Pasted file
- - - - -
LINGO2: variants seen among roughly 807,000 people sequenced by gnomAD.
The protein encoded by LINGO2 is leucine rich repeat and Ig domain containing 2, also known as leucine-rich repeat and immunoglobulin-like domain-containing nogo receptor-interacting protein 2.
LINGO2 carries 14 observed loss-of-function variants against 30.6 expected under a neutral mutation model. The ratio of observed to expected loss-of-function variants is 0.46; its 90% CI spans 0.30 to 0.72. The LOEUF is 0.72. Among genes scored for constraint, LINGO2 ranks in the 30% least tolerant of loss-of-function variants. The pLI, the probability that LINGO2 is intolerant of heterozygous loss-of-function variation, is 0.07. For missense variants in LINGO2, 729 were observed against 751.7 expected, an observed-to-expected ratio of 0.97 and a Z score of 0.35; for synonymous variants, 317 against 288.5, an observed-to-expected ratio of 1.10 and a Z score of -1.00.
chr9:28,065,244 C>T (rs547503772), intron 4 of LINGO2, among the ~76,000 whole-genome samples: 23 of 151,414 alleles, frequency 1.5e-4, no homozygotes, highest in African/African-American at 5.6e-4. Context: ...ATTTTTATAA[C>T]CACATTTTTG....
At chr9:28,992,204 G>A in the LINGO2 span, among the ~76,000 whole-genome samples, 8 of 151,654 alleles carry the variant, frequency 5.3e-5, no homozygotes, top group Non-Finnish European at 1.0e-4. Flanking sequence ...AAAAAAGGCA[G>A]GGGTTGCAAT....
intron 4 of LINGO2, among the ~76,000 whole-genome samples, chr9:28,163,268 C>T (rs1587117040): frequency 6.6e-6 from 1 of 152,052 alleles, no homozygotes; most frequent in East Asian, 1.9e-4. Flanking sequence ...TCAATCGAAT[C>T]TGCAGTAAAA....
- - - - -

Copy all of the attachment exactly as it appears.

LINGO2: variants seen among roughly 807,000 people sequenced by gnomAD.
The protein encoded by LINGO2 is leucine rich repeat and Ig domain containing 2, also known as leucine-rich repeat and immunoglobulin-like domain-containing nogo receptor-interacting protein 2.
LINGO2 carries 14 observed loss-of-function variants against 30.6 expected under a neutral mutation model. The ratio of observed to expected loss-of-function variants is 0.46; its 90% CI spans 0.30 to 0.72. The LOEUF is 0.72. Among genes scored for constraint, LINGO2 ranks in the 30% least tolerant of loss-of-function variants. The pLI, the probability that LINGO2 is intolerant of heterozygous loss-of-function variation, is 0.07. For missense variants in LINGO2, 729 were observed against 751.7 expected, an observed-to-expected ratio of 0.97 and a Z score of 0.35; for synonymous variants, 317 against 288.5, an observed-to-expected ratio of 1.10 and a Z score of -1.00.
chr9:28,065,244 C>T (rs547503772), intron 4 of LINGO2, among the ~76,000 whole-genome samples: 23 of 151,414 alleles, frequency 1.5e-4, no homozygotes, highest in African/African-American at 5.6e-4. Context: ...ATTTTTATAA[C>T]CACATTTTTG....
At chr9:28,992,204 G>A in the LINGO2 span, among the ~76,000 whole-genome samples, 8 of 151,654 alleles carry the variant, frequency 5.3e-5, no homozygotes, top group Non-Finnish European at 1.0e-4. Flanking sequence ...AAAAAAGGCA[G>A]GGGTTGCAAT....
intron 4 of LINGO2, among the ~76,000 whole-genome samples, chr9:28,163,268 C>T (rs1587117040): frequency 6.6e-6 from 1 of 152,052 alleles, no homozygotes; most frequent in East Asian, 1.9e-4. Flanking sequence ...TCAATCGAAT[C>T]TGCAGTAAAA....